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Transl Res. 2017 Jan;179:139-154. doi: 10.1016/j.trsl.2016.07.021. Epub 2016 Aug 3.

Microbiota as a mediator of cancer progression and therapy.

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  • 1Department of Medicine, University of Florida, Gainesville, Fla.
  • 2Department of Medicine, University of Florida, Gainesville, Fla; Department of Microbiology and Immunology, University of North Carolina at Chapel Hill, Chapel Hill, NC.
  • 3Department of Medicine, University of Florida, Gainesville, Fla; Department of Infectious Diseases and Pathology, University of Florida, Gainesville, Fla. Electronic address: christian.jobin@medicine.ufl.edu.

Abstract

Complex and intricate circuitries regulate cellular proliferation, survival, and growth, and alterations of this network through genetic and epigenetic events result in aberrant cellular behaviors, often leading to carcinogenesis. Although specific germline mutations have been recognized as cancer inducers, the vast majority of neoplastic changes in humans occur through environmental exposure, lifestyle, and diet. An emerging concept in cancer biology implicates the microbiota as a powerful environmental factor modulating the carcinogenic process. For example, the intestinal microbiota influences cancer development or therapeutic responses through specific activities (immune responses, metabolites, microbial structures, and toxins). The numerous effects of microbiota on carcinogenesis, ranging from promoting, preventing, or even influencing therapeutic outcomes, highlight the complex relationship between the biota and the host. In this review, we discuss the latest findings on this complex microbial interaction with the host and highlight potential mechanisms by which the microbiota mediates such a wide impact on carcinogenesis.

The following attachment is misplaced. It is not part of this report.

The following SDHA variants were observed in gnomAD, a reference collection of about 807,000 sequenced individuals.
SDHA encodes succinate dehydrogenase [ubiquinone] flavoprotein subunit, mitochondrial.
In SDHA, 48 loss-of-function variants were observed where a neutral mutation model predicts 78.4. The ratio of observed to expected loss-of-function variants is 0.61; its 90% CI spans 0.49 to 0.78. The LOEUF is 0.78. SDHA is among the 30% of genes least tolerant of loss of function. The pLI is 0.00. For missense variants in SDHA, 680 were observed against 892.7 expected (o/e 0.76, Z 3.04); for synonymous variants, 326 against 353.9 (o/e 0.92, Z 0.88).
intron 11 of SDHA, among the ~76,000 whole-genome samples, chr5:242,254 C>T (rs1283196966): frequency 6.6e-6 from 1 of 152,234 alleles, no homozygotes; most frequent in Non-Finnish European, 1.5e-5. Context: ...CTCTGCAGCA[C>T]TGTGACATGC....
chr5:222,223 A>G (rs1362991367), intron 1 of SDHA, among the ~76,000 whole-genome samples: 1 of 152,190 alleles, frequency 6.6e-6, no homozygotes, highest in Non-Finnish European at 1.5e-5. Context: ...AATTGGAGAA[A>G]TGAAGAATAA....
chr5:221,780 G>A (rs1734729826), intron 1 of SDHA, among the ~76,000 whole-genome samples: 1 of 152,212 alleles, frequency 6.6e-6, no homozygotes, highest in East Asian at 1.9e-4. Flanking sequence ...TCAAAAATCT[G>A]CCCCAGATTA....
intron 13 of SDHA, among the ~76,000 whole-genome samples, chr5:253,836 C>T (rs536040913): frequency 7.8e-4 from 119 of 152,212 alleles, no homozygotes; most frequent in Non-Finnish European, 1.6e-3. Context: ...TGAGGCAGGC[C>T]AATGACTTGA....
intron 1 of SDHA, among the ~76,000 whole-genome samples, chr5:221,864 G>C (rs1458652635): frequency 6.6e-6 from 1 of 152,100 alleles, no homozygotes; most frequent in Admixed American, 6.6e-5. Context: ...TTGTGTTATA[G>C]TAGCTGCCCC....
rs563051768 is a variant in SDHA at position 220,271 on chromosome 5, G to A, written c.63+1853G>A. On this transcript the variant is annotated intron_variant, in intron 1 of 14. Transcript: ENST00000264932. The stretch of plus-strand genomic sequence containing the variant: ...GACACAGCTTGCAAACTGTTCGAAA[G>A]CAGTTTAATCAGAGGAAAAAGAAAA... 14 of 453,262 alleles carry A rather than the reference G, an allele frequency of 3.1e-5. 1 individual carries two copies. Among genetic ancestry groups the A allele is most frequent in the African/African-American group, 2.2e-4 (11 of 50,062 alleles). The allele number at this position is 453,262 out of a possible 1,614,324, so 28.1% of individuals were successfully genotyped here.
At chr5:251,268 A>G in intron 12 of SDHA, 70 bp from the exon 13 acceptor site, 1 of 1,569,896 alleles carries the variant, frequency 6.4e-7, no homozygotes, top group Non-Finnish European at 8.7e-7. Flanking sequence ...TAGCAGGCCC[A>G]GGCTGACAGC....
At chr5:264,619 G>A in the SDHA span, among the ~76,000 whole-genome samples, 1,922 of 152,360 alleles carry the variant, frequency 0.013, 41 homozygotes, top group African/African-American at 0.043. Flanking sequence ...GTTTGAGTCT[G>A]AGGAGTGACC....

PMID:
27554797
DOI:
10.1016/j.trsl.2016.07.021
[PubMed - in process]

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